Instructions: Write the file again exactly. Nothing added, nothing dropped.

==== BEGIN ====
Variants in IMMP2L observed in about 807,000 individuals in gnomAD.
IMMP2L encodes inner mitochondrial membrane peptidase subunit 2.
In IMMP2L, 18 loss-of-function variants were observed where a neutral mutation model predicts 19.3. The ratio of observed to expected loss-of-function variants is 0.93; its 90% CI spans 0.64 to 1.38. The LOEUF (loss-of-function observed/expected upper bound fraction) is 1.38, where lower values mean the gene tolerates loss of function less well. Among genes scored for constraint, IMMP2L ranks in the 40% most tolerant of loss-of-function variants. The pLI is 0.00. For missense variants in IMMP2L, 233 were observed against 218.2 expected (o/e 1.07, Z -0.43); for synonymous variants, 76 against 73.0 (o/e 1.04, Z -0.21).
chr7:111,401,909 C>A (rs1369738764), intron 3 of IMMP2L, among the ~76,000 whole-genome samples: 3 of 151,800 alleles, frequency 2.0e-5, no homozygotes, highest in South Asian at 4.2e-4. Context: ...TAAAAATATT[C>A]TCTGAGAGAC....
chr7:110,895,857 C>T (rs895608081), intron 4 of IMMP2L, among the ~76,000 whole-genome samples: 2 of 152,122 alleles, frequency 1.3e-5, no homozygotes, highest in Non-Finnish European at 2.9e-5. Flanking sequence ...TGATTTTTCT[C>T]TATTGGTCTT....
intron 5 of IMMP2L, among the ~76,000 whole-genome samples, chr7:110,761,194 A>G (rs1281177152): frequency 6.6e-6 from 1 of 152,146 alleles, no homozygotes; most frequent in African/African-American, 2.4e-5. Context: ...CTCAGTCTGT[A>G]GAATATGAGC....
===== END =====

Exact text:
Variants in IMMP2L observed in about 807,000 individuals in gnomAD.
IMMP2L encodes inner mitochondrial membrane peptidase subunit 2.
In IMMP2L, 18 loss-of-function variants were observed where a neutral mutation model predicts 19.3. The ratio of observed to expected loss-of-function variants is 0.93; its 90% CI spans 0.64 to 1.38. The LOEUF (loss-of-function observed/expected upper bound fraction) is 1.38, where lower values mean the gene tolerates loss of function less well. Among genes scored for constraint, IMMP2L ranks in the 40% most tolerant of loss-of-function variants. The pLI is 0.00. For missense variants in IMMP2L, 233 were observed against 218.2 expected (o/e 1.07, Z -0.43); for synonymous variants, 76 against 73.0 (o/e 1.04, Z -0.21).
chr7:111,401,909 C>A (rs1369738764), intron 3 of IMMP2L, among the ~76,000 whole-genome samples: 3 of 151,800 alleles, frequency 2.0e-5, no homozygotes, highest in South Asian at 4.2e-4. Context: ...TAAAAATATT[C>A]TCTGAGAGAC....
chr7:110,895,857 C>T (rs895608081), intron 4 of IMMP2L, among the ~76,000 whole-genome samples: 2 of 152,122 alleles, frequency 1.3e-5, no homozygotes, highest in Non-Finnish European at 2.9e-5. Flanking sequence ...TGATTTTTCT[C>T]TATTGGTCTT....
intron 5 of IMMP2L, among the ~76,000 whole-genome samples, chr7:110,761,194 A>G (rs1281177152): frequency 6.6e-6 from 1 of 152,146 alleles, no homozygotes; most frequent in African/African-American, 2.4e-5. Context: ...CTCAGTCTGT[A>G]GAATATGAGC....